Shareholder Agreements

Big Startup acquires Niche Software, Part 2

Bruce Greig
September 11, 2020

In which a shareholder dispute looks like it might go sour, but is soon resolved amicably

In the first part of this post I explained a creative deal which Niche Software struck with Big Startup. How did it work out?

Not so well: Niche Software didn’t have the rocket-fuel effect on Big Startup that everyone hoped for. And Big Startup ran into unrelated difficulties in other aspects of its business. Big Startup also hired a new Finance Director who didn’t like the look of the deal at all, and thought it was far too generous to Niche Software.

At this point, the minority shareholder / CEO of Niche Software starts to worry about his £200k escrow retention. That’s part of the original £1m payment which is kept in escrow for twelve months after the acquisition of his shares. It is due to be released as long as the owner of Niche Software is still working as CEO of the business on the first anniversary of the deal. A simple mechanism to stop him walking away within the first twelve months.

But as Big Startup now has control of the company through their 51% shareholding, they could just fire him to avoid paying out the £200k. They are also now funding the operating costs of Niche Software, so could stop funding that and force Niche into administration.

This has the potential to get very acrimonious and messy.

My advice to the CEO of Niche Software was as follows: offer Big Startup two options. One where you agree some new target which, if reached, means Big Startup would be happy to exercise their option to acquire the remaining shares on the original terms and everyone is happy. Proposing this makes it clear you haven’t given up, and are not leaving them in the lurch.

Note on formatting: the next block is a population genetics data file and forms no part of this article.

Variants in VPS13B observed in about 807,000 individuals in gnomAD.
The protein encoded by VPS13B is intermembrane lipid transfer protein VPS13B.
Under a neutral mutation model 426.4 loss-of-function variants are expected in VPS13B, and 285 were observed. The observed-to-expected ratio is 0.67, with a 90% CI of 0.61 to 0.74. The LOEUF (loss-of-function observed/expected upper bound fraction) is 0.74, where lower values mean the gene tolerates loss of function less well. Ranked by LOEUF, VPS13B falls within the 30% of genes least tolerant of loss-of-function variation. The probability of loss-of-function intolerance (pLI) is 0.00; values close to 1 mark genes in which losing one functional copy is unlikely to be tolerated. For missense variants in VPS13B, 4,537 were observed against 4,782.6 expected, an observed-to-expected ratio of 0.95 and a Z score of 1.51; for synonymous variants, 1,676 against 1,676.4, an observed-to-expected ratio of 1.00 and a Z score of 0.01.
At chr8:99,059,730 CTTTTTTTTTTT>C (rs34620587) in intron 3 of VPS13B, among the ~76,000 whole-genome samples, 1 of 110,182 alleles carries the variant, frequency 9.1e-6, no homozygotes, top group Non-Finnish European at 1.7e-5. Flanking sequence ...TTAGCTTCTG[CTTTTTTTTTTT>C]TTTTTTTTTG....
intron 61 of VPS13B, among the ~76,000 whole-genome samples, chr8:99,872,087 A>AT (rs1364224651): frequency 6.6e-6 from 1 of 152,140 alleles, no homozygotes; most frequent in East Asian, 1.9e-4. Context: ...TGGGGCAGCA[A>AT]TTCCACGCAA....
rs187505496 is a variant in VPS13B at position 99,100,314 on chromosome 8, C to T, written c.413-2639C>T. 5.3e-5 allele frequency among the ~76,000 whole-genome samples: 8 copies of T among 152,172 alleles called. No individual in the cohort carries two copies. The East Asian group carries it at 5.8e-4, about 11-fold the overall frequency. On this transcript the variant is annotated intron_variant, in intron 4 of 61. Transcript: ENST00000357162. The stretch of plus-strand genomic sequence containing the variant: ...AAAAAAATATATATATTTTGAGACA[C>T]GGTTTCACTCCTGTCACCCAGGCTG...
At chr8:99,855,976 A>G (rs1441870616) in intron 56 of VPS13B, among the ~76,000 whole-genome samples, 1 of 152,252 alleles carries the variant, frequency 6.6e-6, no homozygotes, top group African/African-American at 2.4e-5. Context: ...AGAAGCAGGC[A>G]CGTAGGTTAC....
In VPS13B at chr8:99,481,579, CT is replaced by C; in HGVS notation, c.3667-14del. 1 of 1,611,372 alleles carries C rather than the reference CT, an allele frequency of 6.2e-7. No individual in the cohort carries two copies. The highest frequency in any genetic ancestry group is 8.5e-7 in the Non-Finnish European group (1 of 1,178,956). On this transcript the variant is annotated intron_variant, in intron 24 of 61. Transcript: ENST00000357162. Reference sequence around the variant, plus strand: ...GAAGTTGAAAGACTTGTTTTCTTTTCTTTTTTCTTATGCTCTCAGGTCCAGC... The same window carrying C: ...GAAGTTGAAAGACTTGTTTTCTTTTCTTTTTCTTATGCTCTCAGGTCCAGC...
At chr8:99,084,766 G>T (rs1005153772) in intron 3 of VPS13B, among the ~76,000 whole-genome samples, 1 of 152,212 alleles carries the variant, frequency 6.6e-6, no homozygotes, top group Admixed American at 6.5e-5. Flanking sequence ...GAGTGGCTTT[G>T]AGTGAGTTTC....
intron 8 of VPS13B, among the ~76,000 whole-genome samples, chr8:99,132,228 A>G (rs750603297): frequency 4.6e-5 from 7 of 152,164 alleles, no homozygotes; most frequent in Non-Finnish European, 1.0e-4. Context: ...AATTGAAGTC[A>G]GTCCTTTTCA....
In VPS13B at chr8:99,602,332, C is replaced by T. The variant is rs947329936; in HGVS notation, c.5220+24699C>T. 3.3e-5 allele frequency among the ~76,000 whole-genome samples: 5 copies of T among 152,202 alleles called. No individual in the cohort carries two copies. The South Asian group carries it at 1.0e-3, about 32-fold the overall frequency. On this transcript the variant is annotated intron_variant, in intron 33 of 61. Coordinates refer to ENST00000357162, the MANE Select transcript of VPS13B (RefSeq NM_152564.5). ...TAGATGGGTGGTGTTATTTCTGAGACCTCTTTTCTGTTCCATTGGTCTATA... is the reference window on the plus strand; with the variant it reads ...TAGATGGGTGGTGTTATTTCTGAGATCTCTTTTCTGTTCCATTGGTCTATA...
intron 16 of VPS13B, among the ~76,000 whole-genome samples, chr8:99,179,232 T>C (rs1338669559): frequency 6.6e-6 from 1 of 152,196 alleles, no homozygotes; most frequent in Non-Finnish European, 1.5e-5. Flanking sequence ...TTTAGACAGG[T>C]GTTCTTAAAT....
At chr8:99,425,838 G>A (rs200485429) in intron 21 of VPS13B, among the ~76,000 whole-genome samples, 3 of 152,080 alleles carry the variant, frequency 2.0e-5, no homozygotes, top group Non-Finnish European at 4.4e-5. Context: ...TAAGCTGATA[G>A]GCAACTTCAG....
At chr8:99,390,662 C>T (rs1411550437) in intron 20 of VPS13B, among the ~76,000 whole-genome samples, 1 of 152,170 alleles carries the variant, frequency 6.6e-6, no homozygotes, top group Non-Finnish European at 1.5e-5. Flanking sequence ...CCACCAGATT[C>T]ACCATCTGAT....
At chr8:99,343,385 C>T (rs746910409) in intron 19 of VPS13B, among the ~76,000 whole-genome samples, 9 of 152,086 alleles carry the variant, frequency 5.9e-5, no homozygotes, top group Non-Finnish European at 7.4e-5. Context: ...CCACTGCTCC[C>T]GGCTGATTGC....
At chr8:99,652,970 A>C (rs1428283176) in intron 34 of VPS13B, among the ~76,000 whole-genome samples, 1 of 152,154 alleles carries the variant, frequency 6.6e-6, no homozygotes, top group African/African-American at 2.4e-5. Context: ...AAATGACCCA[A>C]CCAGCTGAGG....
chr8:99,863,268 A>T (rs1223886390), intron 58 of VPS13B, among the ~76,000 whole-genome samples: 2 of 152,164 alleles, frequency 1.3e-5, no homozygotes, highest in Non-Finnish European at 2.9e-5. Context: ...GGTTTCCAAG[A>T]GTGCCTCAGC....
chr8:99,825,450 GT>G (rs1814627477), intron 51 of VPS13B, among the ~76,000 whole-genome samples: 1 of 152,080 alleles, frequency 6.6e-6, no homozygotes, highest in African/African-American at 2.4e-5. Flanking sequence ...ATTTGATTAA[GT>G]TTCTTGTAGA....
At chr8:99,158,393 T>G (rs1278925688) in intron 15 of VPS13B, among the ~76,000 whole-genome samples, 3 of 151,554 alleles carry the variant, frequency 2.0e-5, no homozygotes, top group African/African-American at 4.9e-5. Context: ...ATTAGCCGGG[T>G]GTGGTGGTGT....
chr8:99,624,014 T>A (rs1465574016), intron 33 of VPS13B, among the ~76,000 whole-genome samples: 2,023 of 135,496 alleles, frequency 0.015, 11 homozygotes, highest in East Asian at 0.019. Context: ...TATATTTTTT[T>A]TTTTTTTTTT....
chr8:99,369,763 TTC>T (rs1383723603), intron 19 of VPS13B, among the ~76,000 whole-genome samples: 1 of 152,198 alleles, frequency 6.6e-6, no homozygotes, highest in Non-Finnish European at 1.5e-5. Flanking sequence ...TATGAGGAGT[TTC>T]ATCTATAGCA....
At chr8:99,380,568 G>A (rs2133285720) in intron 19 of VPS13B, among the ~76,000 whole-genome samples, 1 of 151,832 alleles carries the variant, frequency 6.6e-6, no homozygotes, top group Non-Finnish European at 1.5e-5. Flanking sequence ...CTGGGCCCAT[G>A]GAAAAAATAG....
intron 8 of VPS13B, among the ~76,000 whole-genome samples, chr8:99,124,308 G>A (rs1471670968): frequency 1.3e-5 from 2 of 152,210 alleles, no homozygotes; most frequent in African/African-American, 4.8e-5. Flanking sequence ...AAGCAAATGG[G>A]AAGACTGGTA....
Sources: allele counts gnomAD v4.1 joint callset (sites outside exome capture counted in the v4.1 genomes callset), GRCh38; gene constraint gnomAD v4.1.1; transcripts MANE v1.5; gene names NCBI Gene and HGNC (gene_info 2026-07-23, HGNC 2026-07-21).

Second option is to just give Big Startup the remaining 49% of the shares for a peppercorn now, as long as the £200k in escrow is paid out now (which would end up being a couple of months early), and part company. No tears.

Big Startup went for option two. Why? Why didn’t they just force Niche into administration, fire the CEO, buy the assets (code, customer base, etc.) from the administrators for a pittance and save themselves £200k?

Because it isn’t just about money. They would end up in a big acrimonious dispute with the minority shareholder / CEO of Niche Software. The CEO of Niche has been amicable and friendly throughout these discussions, happily discussing in a matter-of-fact way the pros and cons of Big Startup using their majority shareholding control to force Niche into administration, for example. A dispute would be distracting for Big Startup’s management. The CEO of Niche is offering them an easy way out, where everyone parts company amicably, and it can all be wrapped up in a few days. That’s a big incentive.

The owner of Niche went into the deal fully aware that it might not work out. He was happy that the original payment of £1m was a reasonable price to sell at. The option was structured to share in the upside if there was any. The upside now looks very unlikely indeed, so Niche is happy to walk away as long as they get the whole of their £1m.

Big Startup is happy because they quickly tidy up what now looks like a messy distracting deal. They get full ownership of Niche so they aren’t losing anything. They only spend what they originally expected to spend anyway.

This is one example of a potentially very acrimonious situation which I helped resolve with no tears. If you have a shareholder dispute which you think I might be able to help with give me a call or drop me an email.